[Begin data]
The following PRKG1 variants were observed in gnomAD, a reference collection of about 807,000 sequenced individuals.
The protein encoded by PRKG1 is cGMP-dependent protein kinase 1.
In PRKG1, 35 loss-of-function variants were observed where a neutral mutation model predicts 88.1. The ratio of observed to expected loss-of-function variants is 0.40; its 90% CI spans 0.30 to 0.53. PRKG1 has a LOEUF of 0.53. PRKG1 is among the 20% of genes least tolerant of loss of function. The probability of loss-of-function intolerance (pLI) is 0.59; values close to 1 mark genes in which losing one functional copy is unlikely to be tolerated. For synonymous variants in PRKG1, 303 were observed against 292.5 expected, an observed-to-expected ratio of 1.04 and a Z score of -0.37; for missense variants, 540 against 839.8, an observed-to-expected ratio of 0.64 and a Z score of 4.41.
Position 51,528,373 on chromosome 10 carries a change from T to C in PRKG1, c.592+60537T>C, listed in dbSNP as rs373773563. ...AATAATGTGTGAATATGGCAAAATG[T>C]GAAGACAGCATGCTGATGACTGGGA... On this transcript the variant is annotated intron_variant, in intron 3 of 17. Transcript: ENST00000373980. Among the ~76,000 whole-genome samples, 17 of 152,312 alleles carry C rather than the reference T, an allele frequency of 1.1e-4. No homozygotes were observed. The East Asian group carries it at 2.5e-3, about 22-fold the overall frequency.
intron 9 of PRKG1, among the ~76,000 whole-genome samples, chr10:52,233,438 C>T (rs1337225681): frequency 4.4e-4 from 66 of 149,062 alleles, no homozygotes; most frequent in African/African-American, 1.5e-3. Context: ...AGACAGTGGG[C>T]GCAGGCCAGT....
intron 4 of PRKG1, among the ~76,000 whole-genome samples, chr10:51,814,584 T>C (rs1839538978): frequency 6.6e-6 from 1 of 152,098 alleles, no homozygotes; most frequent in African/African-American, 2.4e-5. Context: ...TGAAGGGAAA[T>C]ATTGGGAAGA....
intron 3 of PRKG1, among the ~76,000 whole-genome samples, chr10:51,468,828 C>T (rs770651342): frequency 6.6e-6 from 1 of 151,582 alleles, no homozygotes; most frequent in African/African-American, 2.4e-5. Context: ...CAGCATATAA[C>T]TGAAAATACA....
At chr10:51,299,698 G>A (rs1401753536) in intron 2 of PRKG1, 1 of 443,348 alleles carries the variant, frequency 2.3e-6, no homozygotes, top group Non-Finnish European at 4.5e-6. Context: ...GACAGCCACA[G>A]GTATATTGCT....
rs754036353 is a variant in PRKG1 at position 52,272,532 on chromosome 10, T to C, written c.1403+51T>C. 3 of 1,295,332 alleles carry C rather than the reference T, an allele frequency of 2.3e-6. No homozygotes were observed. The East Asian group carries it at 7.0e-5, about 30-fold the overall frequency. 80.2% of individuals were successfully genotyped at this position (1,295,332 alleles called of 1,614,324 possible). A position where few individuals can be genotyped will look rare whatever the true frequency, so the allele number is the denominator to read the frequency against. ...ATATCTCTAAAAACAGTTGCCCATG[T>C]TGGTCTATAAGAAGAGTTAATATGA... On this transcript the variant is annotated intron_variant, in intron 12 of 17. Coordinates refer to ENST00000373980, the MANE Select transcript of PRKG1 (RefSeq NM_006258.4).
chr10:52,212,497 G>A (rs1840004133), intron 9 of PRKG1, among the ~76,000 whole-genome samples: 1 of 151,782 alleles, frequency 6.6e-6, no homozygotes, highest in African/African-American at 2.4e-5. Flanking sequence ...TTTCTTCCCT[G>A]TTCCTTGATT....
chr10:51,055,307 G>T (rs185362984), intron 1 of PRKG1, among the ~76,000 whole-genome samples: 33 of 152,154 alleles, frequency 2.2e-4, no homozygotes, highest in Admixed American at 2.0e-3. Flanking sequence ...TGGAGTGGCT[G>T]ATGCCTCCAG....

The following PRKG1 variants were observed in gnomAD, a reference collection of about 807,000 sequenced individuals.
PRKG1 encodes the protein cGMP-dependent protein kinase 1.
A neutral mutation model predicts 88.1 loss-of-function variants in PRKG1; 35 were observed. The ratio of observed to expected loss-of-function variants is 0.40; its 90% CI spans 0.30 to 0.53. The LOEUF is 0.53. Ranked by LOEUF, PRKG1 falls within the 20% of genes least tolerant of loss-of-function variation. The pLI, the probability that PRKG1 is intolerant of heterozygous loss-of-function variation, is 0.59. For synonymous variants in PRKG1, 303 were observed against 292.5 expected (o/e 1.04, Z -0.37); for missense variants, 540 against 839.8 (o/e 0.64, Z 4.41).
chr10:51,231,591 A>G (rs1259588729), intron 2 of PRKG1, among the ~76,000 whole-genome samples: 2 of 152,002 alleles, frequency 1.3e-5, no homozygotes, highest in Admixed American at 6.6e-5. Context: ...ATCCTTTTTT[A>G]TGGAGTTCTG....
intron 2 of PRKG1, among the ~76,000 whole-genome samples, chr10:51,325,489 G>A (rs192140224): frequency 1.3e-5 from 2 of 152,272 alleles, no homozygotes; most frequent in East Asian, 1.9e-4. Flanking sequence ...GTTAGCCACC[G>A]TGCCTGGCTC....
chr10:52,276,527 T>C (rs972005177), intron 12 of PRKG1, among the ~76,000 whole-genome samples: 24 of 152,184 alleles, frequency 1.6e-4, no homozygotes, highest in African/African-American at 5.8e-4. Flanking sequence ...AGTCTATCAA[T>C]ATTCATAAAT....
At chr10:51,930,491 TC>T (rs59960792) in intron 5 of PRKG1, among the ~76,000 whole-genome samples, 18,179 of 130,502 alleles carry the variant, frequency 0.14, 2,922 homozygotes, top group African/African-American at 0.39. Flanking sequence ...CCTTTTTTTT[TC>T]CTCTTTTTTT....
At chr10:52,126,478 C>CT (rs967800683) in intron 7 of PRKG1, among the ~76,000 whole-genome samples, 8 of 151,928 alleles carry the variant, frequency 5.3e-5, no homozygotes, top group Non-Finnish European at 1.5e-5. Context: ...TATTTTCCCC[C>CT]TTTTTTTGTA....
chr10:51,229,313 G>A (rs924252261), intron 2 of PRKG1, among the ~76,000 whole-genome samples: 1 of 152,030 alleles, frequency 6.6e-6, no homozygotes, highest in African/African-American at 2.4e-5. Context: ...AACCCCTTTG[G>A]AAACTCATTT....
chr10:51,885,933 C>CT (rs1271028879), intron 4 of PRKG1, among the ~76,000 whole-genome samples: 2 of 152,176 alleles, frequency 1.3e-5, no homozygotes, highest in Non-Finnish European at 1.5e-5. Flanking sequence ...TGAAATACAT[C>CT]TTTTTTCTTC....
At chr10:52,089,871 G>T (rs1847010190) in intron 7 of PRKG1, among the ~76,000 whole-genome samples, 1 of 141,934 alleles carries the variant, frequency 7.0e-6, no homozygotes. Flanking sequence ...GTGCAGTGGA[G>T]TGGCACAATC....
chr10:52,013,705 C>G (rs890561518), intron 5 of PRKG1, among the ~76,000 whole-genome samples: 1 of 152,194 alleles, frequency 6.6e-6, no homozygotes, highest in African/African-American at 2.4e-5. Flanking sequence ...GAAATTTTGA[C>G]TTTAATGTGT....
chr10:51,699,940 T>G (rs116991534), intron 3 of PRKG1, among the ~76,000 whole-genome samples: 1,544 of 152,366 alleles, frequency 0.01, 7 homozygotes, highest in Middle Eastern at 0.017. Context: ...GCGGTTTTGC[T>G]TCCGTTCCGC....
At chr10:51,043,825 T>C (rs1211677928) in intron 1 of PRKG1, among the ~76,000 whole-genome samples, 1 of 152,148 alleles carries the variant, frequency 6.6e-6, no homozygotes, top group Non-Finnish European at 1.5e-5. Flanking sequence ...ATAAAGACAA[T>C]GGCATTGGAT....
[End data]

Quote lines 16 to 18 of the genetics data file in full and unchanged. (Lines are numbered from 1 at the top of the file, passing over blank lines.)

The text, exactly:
intron 2 of PRKG1, among the ~76,000 whole-genome samples, chr10:51,325,489 G>A (rs192140224): frequency 1.3e-5 from 2 of 152,272 alleles, no homozygotes; most frequent in East Asian, 1.9e-4. Flanking sequence ...GTTAGCCACC[G>A]TGCCTGGCTC....
chr10:52,276,527 T>C (rs972005177), intron 12 of PRKG1, among the ~76,000 whole-genome samples: 24 of 152,184 alleles, frequency 1.6e-4, no homozygotes, highest in African/African-American at 5.8e-4. Flanking sequence ...AGTCTATCAA[T>C]ATTCATAAAT....
At chr10:51,930,491 TC>T (rs59960792) in intron 5 of PRKG1, among the ~76,000 whole-genome samples, 18,179 of 130,502 alleles carry the variant, frequency 0.14, 2,922 homozygotes, top group African/African-American at 0.39. Flanking sequence ...CCTTTTTTTT[TC>T]CTCTTTTTTT....